Members of Congress who recently visited Sudan's western Darfur region say they are attempting to ensure that sufficient funds are included in spending legislation to help sustain and hopefully expand African Union peackeeping.
Some of the lawmakers who visited Darfur as part of a fact-finding tour of Africa met Wednesday in the U.S. Capitol with members of the Save Darfur Coalition, an alliance of faith-based, human rights, humanitarian and student groups.
"We visited the Sudan and spent time in the Darfur region of that country. We saw first-hand the suffering, the displacement, the consequences of violence that has been exacted by the Sudanese government on its own people," said Nancy Pelosi, the Democratic leader in the House of Representatives.
James Clyburn, a Democratic congressman from South Carolina, says while Sudanese government officials the congressional delegation met objected to any need for a United Nations or NATO force, everyone else the lawmakers met with on their trip supported it.
"Everybody else we met with thought this ought to be done, that the U.N. or NATO should be there to support the African Union and that we ought to seek to at least double the African Union forces in the area," he said.
Last year, $50 million that would have helped support African Union peacekeeping in coming months was dropped from final congressional legislation.
Congresswoman Pelosi described that as disappointing, adding that lawmakers hope increased visibility given to the Darfur situation will help restore funds in upcoming legislation.
As part of efforts to resolve the Darfur situation, Congressman Donald Payne, a key Democrat on the House Africa Subcommittee, says Sudanese government officials responsible for ordering killings there need to be held accountable.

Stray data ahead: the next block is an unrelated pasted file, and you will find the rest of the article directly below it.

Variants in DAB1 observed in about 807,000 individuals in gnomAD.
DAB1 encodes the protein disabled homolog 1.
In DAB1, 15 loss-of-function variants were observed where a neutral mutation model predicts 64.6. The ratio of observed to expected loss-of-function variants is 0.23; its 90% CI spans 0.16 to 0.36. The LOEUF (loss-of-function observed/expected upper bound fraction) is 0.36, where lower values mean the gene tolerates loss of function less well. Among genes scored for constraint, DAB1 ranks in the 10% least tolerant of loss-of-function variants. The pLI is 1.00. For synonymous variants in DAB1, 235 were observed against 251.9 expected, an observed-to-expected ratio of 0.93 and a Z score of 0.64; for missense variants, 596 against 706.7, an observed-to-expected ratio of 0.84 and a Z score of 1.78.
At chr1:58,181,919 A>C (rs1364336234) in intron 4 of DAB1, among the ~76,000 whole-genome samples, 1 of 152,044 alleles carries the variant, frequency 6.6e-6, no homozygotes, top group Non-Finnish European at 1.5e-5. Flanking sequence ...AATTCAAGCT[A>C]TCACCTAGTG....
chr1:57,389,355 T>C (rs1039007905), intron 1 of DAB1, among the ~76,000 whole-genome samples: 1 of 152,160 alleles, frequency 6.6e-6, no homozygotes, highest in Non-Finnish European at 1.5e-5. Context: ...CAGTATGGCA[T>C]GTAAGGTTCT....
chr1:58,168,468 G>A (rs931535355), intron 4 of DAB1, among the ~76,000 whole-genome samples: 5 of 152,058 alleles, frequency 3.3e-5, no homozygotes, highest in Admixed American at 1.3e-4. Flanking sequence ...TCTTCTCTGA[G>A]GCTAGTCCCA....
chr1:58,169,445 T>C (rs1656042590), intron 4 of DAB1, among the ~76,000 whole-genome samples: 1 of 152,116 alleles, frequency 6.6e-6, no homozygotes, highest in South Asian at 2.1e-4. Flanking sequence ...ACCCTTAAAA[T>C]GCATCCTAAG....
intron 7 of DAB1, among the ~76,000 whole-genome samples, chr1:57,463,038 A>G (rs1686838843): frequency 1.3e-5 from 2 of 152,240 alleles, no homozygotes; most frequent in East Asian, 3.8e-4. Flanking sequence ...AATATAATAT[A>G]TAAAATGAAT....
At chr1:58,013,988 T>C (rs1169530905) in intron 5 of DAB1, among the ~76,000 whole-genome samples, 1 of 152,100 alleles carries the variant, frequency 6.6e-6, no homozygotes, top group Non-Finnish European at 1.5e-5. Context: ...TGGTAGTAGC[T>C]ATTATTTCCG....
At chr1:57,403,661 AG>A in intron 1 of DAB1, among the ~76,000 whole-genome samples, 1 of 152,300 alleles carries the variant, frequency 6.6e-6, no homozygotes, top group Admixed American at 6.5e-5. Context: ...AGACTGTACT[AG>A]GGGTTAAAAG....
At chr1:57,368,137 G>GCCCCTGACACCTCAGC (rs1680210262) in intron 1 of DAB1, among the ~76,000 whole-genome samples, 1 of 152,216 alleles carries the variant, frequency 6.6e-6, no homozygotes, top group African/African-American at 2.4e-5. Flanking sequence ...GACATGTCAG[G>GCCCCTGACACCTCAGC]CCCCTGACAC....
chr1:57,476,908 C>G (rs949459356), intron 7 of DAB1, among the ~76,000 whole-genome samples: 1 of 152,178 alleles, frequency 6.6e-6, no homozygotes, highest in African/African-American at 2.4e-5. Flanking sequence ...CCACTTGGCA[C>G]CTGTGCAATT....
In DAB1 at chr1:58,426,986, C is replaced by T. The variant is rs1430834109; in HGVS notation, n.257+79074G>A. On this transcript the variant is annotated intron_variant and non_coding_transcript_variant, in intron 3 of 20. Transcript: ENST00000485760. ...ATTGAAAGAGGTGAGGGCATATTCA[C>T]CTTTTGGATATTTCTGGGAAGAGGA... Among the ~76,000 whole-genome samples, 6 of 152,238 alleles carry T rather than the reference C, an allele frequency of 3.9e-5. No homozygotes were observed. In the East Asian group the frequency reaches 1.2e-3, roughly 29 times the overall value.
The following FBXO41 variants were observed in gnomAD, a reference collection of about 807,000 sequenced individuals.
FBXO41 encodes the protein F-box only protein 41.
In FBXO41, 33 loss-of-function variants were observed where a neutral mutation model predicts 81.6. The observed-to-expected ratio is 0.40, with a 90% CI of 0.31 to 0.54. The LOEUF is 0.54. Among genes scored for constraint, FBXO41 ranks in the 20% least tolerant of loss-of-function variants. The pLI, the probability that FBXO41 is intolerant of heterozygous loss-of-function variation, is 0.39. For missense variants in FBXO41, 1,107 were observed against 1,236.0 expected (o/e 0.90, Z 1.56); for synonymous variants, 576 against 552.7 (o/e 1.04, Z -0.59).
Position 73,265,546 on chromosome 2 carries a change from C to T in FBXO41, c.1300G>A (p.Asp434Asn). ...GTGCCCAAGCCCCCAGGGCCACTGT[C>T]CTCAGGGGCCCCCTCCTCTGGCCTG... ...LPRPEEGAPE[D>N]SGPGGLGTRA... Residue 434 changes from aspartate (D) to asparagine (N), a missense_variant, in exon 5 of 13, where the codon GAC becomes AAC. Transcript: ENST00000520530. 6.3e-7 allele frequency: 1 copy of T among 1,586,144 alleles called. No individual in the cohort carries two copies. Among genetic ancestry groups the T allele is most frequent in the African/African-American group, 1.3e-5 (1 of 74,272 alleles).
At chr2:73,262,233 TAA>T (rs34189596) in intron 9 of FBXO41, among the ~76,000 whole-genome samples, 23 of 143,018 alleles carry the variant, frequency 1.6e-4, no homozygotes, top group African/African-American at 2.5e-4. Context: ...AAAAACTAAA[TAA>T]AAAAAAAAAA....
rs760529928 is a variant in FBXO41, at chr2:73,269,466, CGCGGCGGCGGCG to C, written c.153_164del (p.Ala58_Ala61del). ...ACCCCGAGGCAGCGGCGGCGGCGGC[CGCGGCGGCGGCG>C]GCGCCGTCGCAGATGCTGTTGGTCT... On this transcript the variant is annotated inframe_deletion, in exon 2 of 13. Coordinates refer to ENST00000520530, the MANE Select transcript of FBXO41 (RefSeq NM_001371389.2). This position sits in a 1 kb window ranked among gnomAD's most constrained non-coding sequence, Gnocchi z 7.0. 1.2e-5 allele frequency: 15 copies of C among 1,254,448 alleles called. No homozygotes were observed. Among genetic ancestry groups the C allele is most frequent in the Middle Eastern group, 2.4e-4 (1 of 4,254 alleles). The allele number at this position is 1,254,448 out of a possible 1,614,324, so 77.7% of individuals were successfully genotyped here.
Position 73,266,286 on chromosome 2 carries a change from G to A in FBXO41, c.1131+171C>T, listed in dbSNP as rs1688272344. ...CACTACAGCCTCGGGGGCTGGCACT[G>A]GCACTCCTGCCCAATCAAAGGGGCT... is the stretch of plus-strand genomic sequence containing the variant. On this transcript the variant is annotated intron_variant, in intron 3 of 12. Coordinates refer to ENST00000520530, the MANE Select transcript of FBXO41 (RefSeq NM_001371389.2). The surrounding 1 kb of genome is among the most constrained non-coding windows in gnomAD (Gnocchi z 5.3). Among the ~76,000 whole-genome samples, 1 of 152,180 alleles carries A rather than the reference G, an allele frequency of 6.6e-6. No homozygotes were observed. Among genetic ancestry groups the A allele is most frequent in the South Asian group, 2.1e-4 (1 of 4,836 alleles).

"In addition to having boots on the ground, people who are responsible for genocide have to be brought before an international criminal court, and have to be tried, or you will be having troops on the ground forever," he said.
David Rubenstein, coordinator of the Save Darfur Coalition, says activism on Darfur continues to gain momentum.
"The people who are going to end genocide have to do it by speaking out, and by letting America know how important it is to end the suffering and violence in Darfur," he said.
"We in this year [need to] stand up, speak out clearly, get the necessary funds for peackeeping in Sudan, to stop the rape, to stop the violence, to stop the death," added Reverend Bob Edgar, a former member of Congress, now involved in efforts to focus attention on the Darfur situation.
President Bush, Secretary of State Condoleeza Rice and other U.S. officials have issued strong statements in recent months regarding what the United States has formally described as genocide in Darfur.
Congressman Payne says still more needs to be done, calling it disgraceful that sufficient funds for peackeeping cannot be found at a time when billions are being spent on defense, and military operations in Iraq and Afghanistan.
Groups campaigning to stop killing in Darfur plan a Rally to Stop Genocide on April 30, which will include prominent religious and political leaders and human rights activists, as well as survivors of the Holocaust, and genocide from Darfur, Rwanda, Cambodia, and Kosovo.